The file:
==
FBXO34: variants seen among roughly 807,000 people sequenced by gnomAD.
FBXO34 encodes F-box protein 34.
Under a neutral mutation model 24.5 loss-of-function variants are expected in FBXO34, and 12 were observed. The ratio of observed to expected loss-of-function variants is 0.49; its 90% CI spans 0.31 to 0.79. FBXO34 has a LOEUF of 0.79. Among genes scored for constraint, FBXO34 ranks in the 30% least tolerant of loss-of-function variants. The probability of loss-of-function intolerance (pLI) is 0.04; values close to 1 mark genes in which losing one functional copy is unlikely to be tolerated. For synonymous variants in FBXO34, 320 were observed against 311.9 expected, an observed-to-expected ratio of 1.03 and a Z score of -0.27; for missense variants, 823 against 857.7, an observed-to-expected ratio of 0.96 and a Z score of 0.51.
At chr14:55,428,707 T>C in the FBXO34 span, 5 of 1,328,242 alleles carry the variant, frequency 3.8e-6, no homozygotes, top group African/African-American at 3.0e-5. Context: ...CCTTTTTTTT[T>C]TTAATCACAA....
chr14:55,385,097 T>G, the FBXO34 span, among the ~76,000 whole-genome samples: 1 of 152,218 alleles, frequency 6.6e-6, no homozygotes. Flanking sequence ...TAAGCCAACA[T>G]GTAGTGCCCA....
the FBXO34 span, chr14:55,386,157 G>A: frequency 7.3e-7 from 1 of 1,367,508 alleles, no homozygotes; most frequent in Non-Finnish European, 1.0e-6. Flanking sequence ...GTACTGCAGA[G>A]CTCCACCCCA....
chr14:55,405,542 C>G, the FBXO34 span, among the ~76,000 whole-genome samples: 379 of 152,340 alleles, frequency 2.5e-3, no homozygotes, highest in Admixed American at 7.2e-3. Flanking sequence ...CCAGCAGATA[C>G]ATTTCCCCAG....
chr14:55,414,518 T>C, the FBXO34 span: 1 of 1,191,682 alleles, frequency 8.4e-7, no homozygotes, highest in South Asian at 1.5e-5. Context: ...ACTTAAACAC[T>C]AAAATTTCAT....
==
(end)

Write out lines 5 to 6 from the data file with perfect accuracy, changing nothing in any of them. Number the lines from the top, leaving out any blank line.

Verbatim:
chr14:55,385,097 T>G, the FBXO34 span, among the ~76,000 whole-genome samples: 1 of 152,218 alleles, frequency 6.6e-6, no homozygotes. Flanking sequence ...TAAGCCAACA[T>G]GTAGTGCCCA....
the FBXO34 span, chr14:55,386,157 G>A: frequency 7.3e-7 from 1 of 1,367,508 alleles, no homozygotes; most frequent in Non-Finnish European, 1.0e-6. Flanking sequence ...GTACTGCAGA[G>A]CTCCACCCCA....